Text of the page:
Change the frame to the early 1800's. Much of the Southwest is still part of Mexico. Arizona has roughly 1,000 Mexicans but the largest populations are the indigenous tribes. The United States under president Polk invades Mexico under the pretense of defending Texas that Mexico still considered a rebellious Mexican state. In reality the war was a result of territorial expansion fervor. To end the war Mexico cedes the Southwest territory and California to the United States. So we see the United States as occupying territory that was taken by force and the locals who were guaranteed their rights, Hispanic and Native, have lost those rights through violations of treaties and agreements by the United States. Looking further back we see that in a letter dated June 30, 1828 General Manuel Mier Y Teran warns Mexican president Guadalupe Victoria that the growing numbers of immigrants from the United States of America would soon disrupt the territory of Tejas (Texas), “It would cause you the same chagrin that it has caused me to see the opinion that is held of our nation by these foreign colonists, since, with the exception of some few who have journeyed to our capital, they know no other Mexicans than the inhabitants here. . . Thus, I tell myself that it could not be otherwise than that from such a state of affairs should arise an antagonism between the Mexicans and foreigners, which is not the least of the smoldering fires which I have discovered. Therefore, I am warning you to take timely measures.” Of particular concern was the immigrant’s ignoring the Mexican law prohibiting slavery.

Looking further back we see that when Spain ceded the Louisiana territory to Napoleon it was with the restriction that France would not sell or surrender the land to the United States. Further back we see General Andrew Jackson invading the Spanish colony of La Florida and claiming it for the United States of America. So there is a crisis in that the United States of America is occupying lands it took through aggression or illegal purchase. (Not to start another thread but is that not the reason some people have condemned Israel for the occupation of the West Bank and the Golan Heights?)

Change the frame. There are complaints that immigrants are flooding into the United States and they should be returned to where they came from. Why are they coming to the United States? Could it be that the United States is responsible for destroying the economic means of the immigrants? Did diverting the waters of the Colorado River for irrigation; green lawns and providing potable water to the growing populations in the Southwest and Southern California destroy the farmland in Mexico? Did the importation of surplus US corn to be sold in Mexico ruin the agriculture economy of Mexico? Did NAFTA permit US Corporations to set-up factories in Mexico that are filled with cheap labor and do those same factories turn the surrounding areas into toxic wastes? Are there drug cartels in Mexico that threaten the government, commit unspeakable crimes and cross the USA/Mexico boarder to commit crimes? Who is buying the drugs that fuel these cartels? There is a crisis in that one nation is being slowly killed by another nation.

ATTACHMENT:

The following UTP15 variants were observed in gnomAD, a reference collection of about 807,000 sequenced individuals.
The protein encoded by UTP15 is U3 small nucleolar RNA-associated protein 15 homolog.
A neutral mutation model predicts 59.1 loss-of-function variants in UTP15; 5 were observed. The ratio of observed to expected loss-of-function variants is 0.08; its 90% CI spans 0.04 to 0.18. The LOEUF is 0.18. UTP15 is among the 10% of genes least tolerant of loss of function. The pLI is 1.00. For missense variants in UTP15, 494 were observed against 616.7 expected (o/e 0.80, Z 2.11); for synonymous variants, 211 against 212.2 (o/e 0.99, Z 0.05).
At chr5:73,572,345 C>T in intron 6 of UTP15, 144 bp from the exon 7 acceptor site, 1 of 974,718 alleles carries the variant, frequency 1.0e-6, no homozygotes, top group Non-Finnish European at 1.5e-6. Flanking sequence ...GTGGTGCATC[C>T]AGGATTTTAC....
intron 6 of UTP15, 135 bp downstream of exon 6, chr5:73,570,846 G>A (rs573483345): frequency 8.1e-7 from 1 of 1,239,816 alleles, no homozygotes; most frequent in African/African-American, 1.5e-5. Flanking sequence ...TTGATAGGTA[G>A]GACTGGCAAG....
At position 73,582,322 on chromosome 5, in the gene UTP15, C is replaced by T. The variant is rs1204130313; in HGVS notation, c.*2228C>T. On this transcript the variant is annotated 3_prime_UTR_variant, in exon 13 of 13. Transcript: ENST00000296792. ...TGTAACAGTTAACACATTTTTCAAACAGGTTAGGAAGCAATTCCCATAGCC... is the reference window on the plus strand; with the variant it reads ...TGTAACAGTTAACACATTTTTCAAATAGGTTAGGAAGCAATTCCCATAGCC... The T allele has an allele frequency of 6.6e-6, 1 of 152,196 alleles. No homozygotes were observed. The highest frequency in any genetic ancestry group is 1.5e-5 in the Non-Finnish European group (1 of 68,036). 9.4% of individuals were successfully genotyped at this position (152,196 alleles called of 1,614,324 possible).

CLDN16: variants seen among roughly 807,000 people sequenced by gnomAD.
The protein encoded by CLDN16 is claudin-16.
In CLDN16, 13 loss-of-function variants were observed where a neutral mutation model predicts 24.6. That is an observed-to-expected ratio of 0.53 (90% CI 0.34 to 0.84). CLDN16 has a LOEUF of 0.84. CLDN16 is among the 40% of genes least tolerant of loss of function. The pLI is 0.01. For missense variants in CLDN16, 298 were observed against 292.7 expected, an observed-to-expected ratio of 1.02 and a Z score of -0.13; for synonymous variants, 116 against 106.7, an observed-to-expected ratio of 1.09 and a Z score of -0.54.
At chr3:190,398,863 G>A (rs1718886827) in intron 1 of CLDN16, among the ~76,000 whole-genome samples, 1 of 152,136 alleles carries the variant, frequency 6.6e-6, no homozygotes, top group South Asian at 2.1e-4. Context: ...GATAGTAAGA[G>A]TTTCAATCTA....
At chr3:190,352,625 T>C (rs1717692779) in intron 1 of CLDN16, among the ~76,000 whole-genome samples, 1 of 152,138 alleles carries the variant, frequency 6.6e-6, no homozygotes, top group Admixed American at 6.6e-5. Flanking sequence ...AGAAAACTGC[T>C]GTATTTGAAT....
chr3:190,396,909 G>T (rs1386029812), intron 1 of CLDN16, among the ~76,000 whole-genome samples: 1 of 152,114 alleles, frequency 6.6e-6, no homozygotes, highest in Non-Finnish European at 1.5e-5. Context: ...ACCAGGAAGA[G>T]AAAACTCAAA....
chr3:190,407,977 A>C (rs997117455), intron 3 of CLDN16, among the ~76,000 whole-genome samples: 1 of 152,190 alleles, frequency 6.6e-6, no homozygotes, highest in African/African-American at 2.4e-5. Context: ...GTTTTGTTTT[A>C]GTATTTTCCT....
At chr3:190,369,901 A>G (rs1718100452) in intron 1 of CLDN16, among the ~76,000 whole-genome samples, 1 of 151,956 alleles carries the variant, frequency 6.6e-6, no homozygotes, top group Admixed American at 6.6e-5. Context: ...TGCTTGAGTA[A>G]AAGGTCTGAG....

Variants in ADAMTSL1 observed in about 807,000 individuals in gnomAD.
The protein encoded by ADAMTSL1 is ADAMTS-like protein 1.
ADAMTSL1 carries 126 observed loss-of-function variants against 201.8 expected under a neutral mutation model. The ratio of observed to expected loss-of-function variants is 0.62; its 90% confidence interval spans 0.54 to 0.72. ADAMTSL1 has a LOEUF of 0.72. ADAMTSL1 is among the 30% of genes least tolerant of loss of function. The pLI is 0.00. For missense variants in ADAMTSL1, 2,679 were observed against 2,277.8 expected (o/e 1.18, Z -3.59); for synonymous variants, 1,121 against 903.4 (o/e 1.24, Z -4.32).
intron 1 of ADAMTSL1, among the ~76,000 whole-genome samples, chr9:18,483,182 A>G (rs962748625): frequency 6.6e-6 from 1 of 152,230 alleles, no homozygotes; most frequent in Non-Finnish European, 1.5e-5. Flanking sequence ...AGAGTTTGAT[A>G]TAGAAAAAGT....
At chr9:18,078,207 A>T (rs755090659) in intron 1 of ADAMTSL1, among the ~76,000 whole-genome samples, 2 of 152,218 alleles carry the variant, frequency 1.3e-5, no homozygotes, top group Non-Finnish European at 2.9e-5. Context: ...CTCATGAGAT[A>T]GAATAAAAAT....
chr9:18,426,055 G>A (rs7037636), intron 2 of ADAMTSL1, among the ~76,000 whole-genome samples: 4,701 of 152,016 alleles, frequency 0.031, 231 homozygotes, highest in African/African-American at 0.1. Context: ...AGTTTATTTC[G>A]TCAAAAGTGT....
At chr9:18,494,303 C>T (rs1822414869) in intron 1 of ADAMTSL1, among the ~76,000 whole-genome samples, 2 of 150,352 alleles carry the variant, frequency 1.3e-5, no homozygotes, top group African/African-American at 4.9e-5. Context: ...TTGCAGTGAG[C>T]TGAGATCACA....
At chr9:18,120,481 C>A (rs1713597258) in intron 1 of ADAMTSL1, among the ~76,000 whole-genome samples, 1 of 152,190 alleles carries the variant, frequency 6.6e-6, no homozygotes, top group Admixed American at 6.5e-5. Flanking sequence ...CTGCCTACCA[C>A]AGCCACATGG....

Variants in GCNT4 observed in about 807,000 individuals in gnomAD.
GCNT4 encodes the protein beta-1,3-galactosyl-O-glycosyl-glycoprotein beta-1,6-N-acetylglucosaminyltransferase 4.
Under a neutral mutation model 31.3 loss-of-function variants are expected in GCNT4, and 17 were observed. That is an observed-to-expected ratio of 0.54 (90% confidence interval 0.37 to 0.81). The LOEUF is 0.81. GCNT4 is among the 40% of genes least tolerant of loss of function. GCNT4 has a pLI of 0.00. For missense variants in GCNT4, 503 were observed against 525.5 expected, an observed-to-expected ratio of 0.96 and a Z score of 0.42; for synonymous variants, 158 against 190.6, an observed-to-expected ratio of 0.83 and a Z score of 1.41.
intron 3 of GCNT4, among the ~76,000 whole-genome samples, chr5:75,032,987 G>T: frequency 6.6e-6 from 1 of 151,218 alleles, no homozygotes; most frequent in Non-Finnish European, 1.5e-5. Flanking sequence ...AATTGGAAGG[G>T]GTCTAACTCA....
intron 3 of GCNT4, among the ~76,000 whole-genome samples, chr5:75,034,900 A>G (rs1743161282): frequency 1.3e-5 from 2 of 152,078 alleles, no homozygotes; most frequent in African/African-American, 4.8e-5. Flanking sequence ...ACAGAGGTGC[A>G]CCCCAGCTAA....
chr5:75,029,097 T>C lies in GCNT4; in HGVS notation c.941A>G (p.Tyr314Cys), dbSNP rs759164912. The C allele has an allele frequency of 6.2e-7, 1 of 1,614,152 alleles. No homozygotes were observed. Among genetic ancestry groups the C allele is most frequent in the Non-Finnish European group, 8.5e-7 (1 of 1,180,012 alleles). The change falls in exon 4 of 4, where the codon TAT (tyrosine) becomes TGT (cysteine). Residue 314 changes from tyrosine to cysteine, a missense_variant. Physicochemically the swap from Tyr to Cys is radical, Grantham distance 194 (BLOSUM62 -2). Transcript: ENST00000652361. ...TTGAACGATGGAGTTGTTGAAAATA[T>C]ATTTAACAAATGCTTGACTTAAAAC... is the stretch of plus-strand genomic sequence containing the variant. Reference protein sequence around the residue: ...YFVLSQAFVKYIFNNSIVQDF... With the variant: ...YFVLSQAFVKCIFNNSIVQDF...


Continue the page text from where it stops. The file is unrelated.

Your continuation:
Change the frame. Immigration quotas have traditionally favored immigration from northern Europe and have been temporarily altered when industry has needed cheap labor and restrictions have been imposed when that cheap labor has demanded reforms. Throughout the history of the United States laws have been adopted that subjugated individuals from groups not part of the dominant ethnic groups or that unduly favor one ethnic group over another. I always wondered why during World War II Japanese Americans were herded into internment camps but not German Americans? There is a crisis in ethnic prejudice that might turn into apartheid or ethnic cleansing.

If there is an immigrant crisis it is not just in Arizona or New Mexico, it is in the entire United States of America. The immigrants from northern Europe and their allies that have been transformed in the American “smelting” pot are behaving like barbarians in their treatment of all others. The crisis is that the American public is gullible enough to accept a false frame and delusional enough that they think reason and righteousness will win in the end.

While I commend the UUA and the UU activists who have finally taken-up the cause of human rights for immigrants and other minority groups; I am fearful that we might go the route of the Social Gospel and depend on our own actions, experiences and thoughts to inform us. And then when that fails we would turn to scholarly texts written by those not part of the impacted groups. And finally when all that fails we would turn to a select few supposedly from the impacted who fit our definition of “scholar” or “expert.” I am fearful that we will forget the words of the Bishops from the 1968 conference in Medellín that concluded that the oppressed people by themselves cannot enact effective reform nor can effective reform be enacted without them.